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Victoria’s top state schools are keeping pace with their private competitors, despite receiving less than half the income per student.
Analysis by The Age using the top 20 average year 9 NAPLAN results for public and private schools shows the best-performing independent school received an average of $30,109 per student in 2022, compared to an average of $16,480 earned by state schools. State schools are predominantly funded by the state government while independent schools earn income through fees.
The total net recurrent income in 2022 for the top-performing private schools is more than $850 million, compared to less than half that – $413 million – for the public schools.
Victoria’s four selective state high schools all achieved better averages in year 9 NAPLAN testing than their private school peers, pulling scores from 704.4 to 684.8, despite receiving a maximum of $16,982 per student.
By comparison, the best private school was Presbyterian Ladies College, which achieved a NAPLAN year 9 average of 671.2 after receiving $38,050 per student in 2022.
Glen Waverley Secondary College was the next best public performer, with a year 9 NAPLAN average of 626 and an income per student of $14,464.
Victorian College of the Arts was the only public school making more than $20,000 per student, with an income of $27,644 and a NAPLAN average of 608.
Lighthouse Christian College in Cranbourne made the least of the independent high performers, with an income per student of $15,830 and an average score of 639.
VCE high performer Ballarat Clarendon College also came under the $20,000 threshold, earning $17,057 per student but achieving a NAPLAN average of 666, the second highest for private schools in the state.
Net recurrent income for 2022 was released along with 2023 NAPLAN results on the My School website on Friday morning. It includes state and federal funding, as well as fees, charges and parent contributions, and other private sources.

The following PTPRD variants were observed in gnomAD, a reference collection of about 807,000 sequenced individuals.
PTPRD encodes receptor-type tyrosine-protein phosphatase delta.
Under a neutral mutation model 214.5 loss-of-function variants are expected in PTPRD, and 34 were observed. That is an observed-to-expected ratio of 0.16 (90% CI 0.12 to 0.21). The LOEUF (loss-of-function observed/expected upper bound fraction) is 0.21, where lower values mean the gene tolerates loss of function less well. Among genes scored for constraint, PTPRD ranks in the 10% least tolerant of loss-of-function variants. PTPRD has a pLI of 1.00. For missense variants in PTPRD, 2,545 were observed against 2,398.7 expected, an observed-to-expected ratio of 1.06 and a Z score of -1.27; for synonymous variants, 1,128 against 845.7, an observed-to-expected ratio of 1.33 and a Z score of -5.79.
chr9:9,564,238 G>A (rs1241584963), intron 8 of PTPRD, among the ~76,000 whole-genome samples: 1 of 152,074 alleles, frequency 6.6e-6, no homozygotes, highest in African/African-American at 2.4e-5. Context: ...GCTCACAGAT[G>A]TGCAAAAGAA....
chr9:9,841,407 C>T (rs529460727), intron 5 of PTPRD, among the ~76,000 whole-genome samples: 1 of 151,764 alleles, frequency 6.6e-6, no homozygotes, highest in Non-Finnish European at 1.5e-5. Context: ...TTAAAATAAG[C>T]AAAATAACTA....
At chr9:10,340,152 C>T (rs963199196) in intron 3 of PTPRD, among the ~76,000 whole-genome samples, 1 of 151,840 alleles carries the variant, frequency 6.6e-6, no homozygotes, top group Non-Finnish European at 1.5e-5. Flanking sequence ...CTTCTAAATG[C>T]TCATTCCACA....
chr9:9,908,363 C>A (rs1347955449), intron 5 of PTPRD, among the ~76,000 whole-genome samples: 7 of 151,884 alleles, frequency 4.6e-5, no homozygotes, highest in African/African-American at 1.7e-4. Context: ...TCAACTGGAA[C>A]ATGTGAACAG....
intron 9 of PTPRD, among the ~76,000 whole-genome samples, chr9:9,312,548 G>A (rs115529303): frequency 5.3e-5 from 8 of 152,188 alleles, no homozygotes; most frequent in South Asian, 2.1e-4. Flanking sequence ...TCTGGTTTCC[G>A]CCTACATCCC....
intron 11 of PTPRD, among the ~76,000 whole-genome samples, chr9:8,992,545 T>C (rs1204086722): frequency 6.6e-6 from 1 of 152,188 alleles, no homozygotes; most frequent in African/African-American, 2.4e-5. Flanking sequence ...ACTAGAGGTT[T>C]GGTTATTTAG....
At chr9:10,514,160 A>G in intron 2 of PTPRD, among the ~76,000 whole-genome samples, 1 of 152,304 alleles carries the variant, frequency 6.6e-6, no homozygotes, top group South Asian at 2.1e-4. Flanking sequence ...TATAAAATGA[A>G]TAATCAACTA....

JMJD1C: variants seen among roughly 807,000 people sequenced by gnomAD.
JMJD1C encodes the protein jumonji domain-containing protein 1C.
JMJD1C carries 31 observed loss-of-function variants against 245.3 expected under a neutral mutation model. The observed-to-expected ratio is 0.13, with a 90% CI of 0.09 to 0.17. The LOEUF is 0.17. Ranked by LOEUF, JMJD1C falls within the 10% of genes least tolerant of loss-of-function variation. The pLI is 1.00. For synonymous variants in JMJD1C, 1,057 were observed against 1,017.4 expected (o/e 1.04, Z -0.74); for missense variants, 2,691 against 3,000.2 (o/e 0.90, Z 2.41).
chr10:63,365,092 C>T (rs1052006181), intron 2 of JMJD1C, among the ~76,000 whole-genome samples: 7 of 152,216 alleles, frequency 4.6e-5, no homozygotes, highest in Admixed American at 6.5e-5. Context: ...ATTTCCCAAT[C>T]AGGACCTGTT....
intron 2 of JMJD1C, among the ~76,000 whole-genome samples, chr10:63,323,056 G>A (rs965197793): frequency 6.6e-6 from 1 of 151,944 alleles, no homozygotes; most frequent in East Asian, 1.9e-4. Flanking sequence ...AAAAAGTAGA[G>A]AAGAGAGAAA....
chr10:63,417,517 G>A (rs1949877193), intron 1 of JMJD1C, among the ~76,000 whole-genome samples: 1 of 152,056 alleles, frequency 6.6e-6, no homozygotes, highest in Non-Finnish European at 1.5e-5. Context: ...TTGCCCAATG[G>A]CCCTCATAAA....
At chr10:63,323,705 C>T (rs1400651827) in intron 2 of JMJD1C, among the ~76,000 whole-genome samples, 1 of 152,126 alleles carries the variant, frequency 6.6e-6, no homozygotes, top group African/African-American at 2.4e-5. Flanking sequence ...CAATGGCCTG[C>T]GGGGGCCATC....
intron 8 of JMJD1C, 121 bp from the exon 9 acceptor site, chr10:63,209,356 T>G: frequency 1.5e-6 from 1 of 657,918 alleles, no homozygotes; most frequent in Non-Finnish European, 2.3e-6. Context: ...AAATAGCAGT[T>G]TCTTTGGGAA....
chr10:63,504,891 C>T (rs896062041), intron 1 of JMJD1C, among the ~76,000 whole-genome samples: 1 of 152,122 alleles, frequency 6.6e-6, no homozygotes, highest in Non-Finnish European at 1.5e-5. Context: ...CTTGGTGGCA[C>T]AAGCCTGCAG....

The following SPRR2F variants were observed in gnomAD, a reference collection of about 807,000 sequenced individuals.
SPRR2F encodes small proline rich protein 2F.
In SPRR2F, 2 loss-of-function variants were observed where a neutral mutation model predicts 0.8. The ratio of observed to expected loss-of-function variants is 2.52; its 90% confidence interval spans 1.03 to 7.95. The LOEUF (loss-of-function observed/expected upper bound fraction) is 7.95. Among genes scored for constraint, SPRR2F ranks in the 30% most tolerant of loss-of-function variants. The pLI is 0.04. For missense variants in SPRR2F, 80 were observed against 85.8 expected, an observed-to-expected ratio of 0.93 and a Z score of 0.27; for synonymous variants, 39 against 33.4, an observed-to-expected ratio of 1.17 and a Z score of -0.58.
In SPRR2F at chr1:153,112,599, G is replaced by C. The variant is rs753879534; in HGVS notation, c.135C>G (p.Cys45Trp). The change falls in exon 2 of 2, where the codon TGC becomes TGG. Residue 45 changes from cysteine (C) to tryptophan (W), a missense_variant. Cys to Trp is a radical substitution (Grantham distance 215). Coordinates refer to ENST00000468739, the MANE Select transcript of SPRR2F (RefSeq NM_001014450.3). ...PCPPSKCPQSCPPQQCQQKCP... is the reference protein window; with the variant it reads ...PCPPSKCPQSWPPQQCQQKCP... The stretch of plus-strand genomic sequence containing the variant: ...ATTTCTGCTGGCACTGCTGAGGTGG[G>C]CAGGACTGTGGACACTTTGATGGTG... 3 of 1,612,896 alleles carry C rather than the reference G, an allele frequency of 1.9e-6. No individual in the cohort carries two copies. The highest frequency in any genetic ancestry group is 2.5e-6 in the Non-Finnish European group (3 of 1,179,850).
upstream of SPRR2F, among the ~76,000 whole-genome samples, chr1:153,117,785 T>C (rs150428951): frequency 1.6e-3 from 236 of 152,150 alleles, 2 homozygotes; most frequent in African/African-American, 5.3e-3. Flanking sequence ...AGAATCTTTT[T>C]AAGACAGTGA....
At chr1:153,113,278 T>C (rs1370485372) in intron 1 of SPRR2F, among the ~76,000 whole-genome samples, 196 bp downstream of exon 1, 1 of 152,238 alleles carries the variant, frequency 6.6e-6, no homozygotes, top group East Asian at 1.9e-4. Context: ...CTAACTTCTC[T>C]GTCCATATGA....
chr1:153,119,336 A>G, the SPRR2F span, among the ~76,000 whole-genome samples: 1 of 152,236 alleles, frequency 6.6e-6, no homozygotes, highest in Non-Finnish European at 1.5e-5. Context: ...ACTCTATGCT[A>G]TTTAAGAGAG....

A decade on from the Gonski review, more than 98 per cent of public schools are still funded below the Schooling Resource Standard it recommended, while 98 per cent of private schools are funded above it.
Government funding for private schools has grown almost twice as much as public school funding in that time.
Analysis of the latest international PISA results shows that, when adjusted for socio-economic status, public schools outperform both the private and Catholic sectors.
Economist Trevor Cobbald, from funding equity advocate Save Our Schools, said it was outstanding that public schools with less than half the income of many private schools had achieved comparable or better NAPLAN results.
“It has to be asked just what private schools are doing with their highly privileged income,” he said.
“It appears too much is being spent on the arms race in gold-plated facilities such as wellbeing centres, ornate libraries, more swimming pools and ovals, buying up properties and exorbitant salary packages for principals.
“None of this appears to be better educating their students, more often it appears to engender a sense of entitlement.”
Economist Adam Rorris, whose recent study found Australian private schools are over-funded by $800 million this year while public schools go underfunded by $4.5 billion, said more equitable funding would have the biggest impact on the state schools serving the poorest communities.
Rorris said public school systems spent more money where it was academically needed. Schools serving poorer communities typically received more funding per student than others, simply because they needed it to get results. Private schools were the opposite, he said, with schools serving the most advantaged communities getting the most funding.
“They are the last schools to which you would as a matter of good public policy divert precious resources,” he said. “That is assuming you are interested in value for money and balanced learning outcomes across society.”
Rorris said as communities gained more confidence in the capacity of public schools to deliver good quality education, they would become more representative of the communities they served. In middle and upper-class communities, that would probably organically translate into higher average scores.
“Elite private schools can hardly spend the money they collect from government, parents and the old boy and old girl networks. Most run surpluses every year that often run into the millions,” he said.
“Elite private schools exist to segregate children based on wealth and privilege as much as to educate. They are very good at the former and demonstrably inefficient at the latter.”
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